Emi is not your average SoCal teen. As a senior in high school, the ambitious Emi works for a film production company as a set design intern. With the glamour of a Hollywood hotshot tempered by her still-adolescent heedlessness, Emi embarks on an unforgettable summer journey that could only take place in Los Angeles.

Her adventure begins when she and her best friend, Charlotte, attend an estate sale at the home of the late movie icon, Clyde Jones. There, they serendipitously come into possession of a treasure, which sets them off on a mission to track down Clyde’s long-lost teenage granddaughter, Ava, and unravel the heretofore buried mysteries of Clyde’s family life.

But this heroic quest is only part of their escapades.

Emi’s brother, Toby, lends her his apartment while he’s away for the summer on the condition that she do “something epic” with the place while he’s gone. The apartment quickly becomes the backdrop against which Emi and Charlotte explore the uncharted world of Hollywood relationships and secret scandals.

After Toby leaves, Emi and Charlotte’s adventures kick into high gear. They cruise around Los Angeles meeting people from Clyde Jones’s past, track down Ava, who has been living in a teen homeless shelter with her friend, Jamal, and Emi’s ex-girlfriend hooks her up with a prestigious position on a small, passion-project film production.

Throughout the story we witness Emi’s professional savvy and aesthetics develop, and watch her learn about the business and gain confidence that will serve her both in her career and love life. Though too young and inexperienced to be considered a professional in the field, Emi has an instinctive knack for creating spaces that evoke emotion.

In a scene with a producer, she proposes a look for his independent film: “I don’t want stylized, I want naturalistic. Instead of drawing the audience’s attention to a few meaningful objects, I want everything to be meaningful.”

The emphasis on appearances in this book is pervasive. This story is cinematic to the max: it is set in the world of Hollywood, and characters are prototypical, conventionally beautiful (almost always white), and strike stylized poses in just-right lighting for maximum affect. In this world, what can be seen is always more potent than what can be felt.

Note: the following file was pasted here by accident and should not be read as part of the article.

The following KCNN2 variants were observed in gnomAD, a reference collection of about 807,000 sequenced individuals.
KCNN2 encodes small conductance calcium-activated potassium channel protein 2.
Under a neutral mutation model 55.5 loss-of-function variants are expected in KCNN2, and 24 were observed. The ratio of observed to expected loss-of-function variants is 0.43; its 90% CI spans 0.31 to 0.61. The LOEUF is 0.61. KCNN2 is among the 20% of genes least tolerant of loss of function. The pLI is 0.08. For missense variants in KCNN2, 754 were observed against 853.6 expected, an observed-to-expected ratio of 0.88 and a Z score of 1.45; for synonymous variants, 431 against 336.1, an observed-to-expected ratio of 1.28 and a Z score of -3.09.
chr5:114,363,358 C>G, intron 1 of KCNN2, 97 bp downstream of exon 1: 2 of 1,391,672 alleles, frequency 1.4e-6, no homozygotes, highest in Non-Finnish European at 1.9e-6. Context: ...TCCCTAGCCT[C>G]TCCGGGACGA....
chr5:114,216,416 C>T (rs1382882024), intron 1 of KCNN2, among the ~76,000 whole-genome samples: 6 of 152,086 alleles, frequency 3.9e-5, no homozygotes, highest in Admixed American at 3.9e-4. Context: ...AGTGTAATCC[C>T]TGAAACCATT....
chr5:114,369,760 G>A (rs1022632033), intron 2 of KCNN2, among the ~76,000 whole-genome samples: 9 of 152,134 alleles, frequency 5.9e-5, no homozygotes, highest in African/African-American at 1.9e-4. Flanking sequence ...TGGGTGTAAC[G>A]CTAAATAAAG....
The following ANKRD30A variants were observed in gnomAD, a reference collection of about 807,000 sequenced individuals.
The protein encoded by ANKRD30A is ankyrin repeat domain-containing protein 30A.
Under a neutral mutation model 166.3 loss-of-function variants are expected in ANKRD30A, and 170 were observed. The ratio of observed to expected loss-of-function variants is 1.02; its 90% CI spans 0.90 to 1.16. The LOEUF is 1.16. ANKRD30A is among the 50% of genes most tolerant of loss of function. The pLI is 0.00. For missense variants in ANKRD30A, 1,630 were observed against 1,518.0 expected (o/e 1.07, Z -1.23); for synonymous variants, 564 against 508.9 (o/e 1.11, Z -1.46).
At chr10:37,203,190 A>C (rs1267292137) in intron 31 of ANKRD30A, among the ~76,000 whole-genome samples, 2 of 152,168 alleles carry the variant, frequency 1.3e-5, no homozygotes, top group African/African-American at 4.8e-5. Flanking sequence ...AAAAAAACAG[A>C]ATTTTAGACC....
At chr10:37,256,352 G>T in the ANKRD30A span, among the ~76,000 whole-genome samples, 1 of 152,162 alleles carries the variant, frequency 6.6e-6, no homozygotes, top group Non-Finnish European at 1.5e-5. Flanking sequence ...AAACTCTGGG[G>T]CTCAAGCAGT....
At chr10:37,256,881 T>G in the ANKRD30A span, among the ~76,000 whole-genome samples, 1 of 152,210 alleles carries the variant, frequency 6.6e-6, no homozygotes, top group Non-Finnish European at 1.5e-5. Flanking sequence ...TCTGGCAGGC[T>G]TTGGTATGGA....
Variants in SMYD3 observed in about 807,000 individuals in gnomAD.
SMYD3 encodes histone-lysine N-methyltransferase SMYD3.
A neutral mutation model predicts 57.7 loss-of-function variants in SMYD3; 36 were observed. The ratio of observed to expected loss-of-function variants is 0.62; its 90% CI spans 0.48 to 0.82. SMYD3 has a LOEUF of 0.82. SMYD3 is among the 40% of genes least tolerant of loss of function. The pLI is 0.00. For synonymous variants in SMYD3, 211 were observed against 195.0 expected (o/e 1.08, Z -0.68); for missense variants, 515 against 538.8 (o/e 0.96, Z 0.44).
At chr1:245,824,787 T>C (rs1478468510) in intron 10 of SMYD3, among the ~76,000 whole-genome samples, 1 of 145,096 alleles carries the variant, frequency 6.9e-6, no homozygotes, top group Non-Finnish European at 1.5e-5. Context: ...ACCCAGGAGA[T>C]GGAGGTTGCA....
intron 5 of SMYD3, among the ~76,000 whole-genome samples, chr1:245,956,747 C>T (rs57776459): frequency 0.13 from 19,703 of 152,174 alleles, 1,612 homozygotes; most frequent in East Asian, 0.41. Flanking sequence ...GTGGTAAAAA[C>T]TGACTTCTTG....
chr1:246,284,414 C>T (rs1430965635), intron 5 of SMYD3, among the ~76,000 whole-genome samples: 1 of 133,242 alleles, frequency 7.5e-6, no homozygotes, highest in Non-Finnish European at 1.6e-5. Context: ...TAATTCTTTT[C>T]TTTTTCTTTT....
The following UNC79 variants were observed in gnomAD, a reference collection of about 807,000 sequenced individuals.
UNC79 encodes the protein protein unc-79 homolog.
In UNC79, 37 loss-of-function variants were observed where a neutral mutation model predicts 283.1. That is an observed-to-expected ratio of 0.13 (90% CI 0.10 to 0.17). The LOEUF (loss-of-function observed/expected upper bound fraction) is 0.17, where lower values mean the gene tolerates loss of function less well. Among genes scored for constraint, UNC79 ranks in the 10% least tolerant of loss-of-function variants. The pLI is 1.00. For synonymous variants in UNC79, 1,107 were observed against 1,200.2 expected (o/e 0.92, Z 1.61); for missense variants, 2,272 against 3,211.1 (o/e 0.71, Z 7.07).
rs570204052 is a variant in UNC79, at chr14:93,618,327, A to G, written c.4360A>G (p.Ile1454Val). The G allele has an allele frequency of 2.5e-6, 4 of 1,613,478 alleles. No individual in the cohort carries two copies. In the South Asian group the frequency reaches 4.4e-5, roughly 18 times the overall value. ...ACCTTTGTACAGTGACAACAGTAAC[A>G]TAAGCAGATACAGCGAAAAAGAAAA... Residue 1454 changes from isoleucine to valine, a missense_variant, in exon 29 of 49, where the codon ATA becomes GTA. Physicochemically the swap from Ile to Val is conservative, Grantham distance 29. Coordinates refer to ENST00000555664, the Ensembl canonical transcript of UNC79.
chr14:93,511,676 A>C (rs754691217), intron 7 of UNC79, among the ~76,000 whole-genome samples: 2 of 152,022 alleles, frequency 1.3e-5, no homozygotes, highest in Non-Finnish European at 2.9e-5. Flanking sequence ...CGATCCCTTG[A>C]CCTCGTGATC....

But what sheds light on the limits of these illusions is Emi’s perspective; while Emi constantly imagines how the scenes, stories, and moments of her life might unfold in a movie, eventually she sees that the fantasy created in film doesn’t hold a candle to reality.

Yet this book wants to be a movie. The writing doesn’t draw attention to itself, so readers’ minds can easily slip into the visual realm, foregoing entirely, the intellectual. Further, the conversational, chatty writing captures the strange line between adolescence and adulthood.

Emi continually wonders how things might turn out and then learns from the reality of how they actually end up. These small joys and disappointments expose the unabating grip fantasy has on all our lives, whether we’re 17 or 70 years old.

The lessons Emi learns are not just for the young. They are a sweet and gentle reminder for those seasoned in love, work, and life: other people aren’t mere characters in the story of our own lives.

Toward the end of the book Emi has revelation after revelation, which open her up and prepare her for deep, mystifying, real love. She experiences the “collapse of the fantasy”: “what happens when the illusion pales in comparison to the truth,” and then later recognizes that “there are no scenes in life, there are only minutes.”

As a shrewd but still slightly sloppy teen, Emi challenges us to see anew the humanity of each person, especially the ones we love. She finally understands that “She [Ava] was never something waiting to be solved. All she is–all she’s ever been–is a person trying to live a life.”

This is a narrator who insists, in equal measure, on fantasy and authenticity.

Much more than a melancholy teen angst-fest, this book is romantic without being sappy, and darling without being insulting. Though full of juicy Hollywood-style plot, Everything Leads to You is less about building relationships and falling in love, than it is about how to set the stage for something amazing to happen.

A book that makes hope seem possible and love worth waiting for.

 

 

Everything Leads to You
By Nina LaCour
Dutton Books
Hardcover, 9780525425885, 307 pp.
April 2014



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One Response to “‘Everything Leads to You’ by Nina LaCour”

  1. […] Everything Leads to You by Nina LaCour was reviewed at Lambda Literary. […]



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